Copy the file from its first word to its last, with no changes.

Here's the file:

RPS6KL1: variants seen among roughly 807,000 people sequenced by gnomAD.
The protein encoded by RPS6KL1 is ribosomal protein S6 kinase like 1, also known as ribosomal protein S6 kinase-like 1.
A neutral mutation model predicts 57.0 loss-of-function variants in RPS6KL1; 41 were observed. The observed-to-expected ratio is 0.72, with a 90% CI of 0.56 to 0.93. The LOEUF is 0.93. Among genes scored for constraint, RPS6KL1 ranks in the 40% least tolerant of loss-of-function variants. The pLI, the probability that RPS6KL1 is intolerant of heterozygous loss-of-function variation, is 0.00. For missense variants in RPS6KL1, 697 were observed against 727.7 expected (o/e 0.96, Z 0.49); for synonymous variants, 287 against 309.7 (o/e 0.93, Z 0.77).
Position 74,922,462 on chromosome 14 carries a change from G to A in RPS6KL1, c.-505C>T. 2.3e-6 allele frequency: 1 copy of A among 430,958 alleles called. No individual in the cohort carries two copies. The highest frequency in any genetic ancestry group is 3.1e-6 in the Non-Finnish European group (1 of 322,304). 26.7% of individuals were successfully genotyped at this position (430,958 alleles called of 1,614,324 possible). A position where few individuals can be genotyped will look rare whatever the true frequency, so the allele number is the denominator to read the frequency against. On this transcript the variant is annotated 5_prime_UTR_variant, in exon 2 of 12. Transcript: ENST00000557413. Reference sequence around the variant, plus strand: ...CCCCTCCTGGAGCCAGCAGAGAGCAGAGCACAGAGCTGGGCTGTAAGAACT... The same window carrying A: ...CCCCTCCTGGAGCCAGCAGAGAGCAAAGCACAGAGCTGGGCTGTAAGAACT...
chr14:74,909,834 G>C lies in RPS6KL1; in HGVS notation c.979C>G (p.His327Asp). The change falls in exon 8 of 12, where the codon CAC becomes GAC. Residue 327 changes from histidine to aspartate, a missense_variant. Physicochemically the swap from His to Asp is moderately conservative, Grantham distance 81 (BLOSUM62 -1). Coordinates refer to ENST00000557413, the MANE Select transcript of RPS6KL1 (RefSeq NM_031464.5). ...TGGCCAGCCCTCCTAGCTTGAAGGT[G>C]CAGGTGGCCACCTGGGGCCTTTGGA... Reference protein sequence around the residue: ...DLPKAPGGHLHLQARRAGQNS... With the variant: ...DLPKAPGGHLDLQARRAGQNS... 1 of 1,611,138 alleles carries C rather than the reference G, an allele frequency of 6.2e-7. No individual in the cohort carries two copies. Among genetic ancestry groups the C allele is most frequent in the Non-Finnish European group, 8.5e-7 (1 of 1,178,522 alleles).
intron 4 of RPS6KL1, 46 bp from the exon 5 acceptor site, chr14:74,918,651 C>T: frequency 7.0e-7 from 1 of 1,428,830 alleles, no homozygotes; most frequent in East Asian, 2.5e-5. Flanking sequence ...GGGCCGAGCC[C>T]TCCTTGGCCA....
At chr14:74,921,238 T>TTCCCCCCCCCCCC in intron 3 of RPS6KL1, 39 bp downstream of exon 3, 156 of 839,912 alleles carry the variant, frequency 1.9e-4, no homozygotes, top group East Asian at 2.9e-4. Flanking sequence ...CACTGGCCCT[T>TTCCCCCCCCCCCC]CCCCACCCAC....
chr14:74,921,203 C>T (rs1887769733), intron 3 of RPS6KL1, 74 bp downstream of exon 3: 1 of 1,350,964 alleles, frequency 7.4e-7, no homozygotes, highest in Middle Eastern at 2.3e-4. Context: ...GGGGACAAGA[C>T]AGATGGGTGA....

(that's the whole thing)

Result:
RPS6KL1: variants seen among roughly 807,000 people sequenced by gnomAD.
The protein encoded by RPS6KL1 is ribosomal protein S6 kinase like 1, also known as ribosomal protein S6 kinase-like 1.
A neutral mutation model predicts 57.0 loss-of-function variants in RPS6KL1; 41 were observed. The observed-to-expected ratio is 0.72, with a 90% CI of 0.56 to 0.93. The LOEUF is 0.93. Among genes scored for constraint, RPS6KL1 ranks in the 40% least tolerant of loss-of-function variants. The pLI, the probability that RPS6KL1 is intolerant of heterozygous loss-of-function variation, is 0.00. For missense variants in RPS6KL1, 697 were observed against 727.7 expected (o/e 0.96, Z 0.49); for synonymous variants, 287 against 309.7 (o/e 0.93, Z 0.77).
Position 74,922,462 on chromosome 14 carries a change from G to A in RPS6KL1, c.-505C>T. 2.3e-6 allele frequency: 1 copy of A among 430,958 alleles called. No individual in the cohort carries two copies. The highest frequency in any genetic ancestry group is 3.1e-6 in the Non-Finnish European group (1 of 322,304). 26.7% of individuals were successfully genotyped at this position (430,958 alleles called of 1,614,324 possible). A position where few individuals can be genotyped will look rare whatever the true frequency, so the allele number is the denominator to read the frequency against. On this transcript the variant is annotated 5_prime_UTR_variant, in exon 2 of 12. Transcript: ENST00000557413. Reference sequence around the variant, plus strand: ...CCCCTCCTGGAGCCAGCAGAGAGCAGAGCACAGAGCTGGGCTGTAAGAACT... The same window carrying A: ...CCCCTCCTGGAGCCAGCAGAGAGCAAAGCACAGAGCTGGGCTGTAAGAACT...
chr14:74,909,834 G>C lies in RPS6KL1; in HGVS notation c.979C>G (p.His327Asp). The change falls in exon 8 of 12, where the codon CAC becomes GAC. Residue 327 changes from histidine to aspartate, a missense_variant. Physicochemically the swap from His to Asp is moderately conservative, Grantham distance 81 (BLOSUM62 -1). Coordinates refer to ENST00000557413, the MANE Select transcript of RPS6KL1 (RefSeq NM_031464.5). ...TGGCCAGCCCTCCTAGCTTGAAGGT[G>C]CAGGTGGCCACCTGGGGCCTTTGGA... Reference protein sequence around the residue: ...DLPKAPGGHLHLQARRAGQNS... With the variant: ...DLPKAPGGHLDLQARRAGQNS... 1 of 1,611,138 alleles carries C rather than the reference G, an allele frequency of 6.2e-7. No individual in the cohort carries two copies. Among genetic ancestry groups the C allele is most frequent in the Non-Finnish European group, 8.5e-7 (1 of 1,178,522 alleles).
intron 4 of RPS6KL1, 46 bp from the exon 5 acceptor site, chr14:74,918,651 C>T: frequency 7.0e-7 from 1 of 1,428,830 alleles, no homozygotes; most frequent in East Asian, 2.5e-5. Flanking sequence ...GGGCCGAGCC[C>T]TCCTTGGCCA....
At chr14:74,921,238 T>TTCCCCCCCCCCCC in intron 3 of RPS6KL1, 39 bp downstream of exon 3, 156 of 839,912 alleles carry the variant, frequency 1.9e-4, no homozygotes, top group East Asian at 2.9e-4. Flanking sequence ...CACTGGCCCT[T>TTCCCCCCCCCCCC]CCCCACCCAC....
chr14:74,921,203 C>T (rs1887769733), intron 3 of RPS6KL1, 74 bp downstream of exon 3: 1 of 1,350,964 alleles, frequency 7.4e-7, no homozygotes, highest in Middle Eastern at 2.3e-4. Context: ...GGGGACAAGA[C>T]AGATGGGTGA....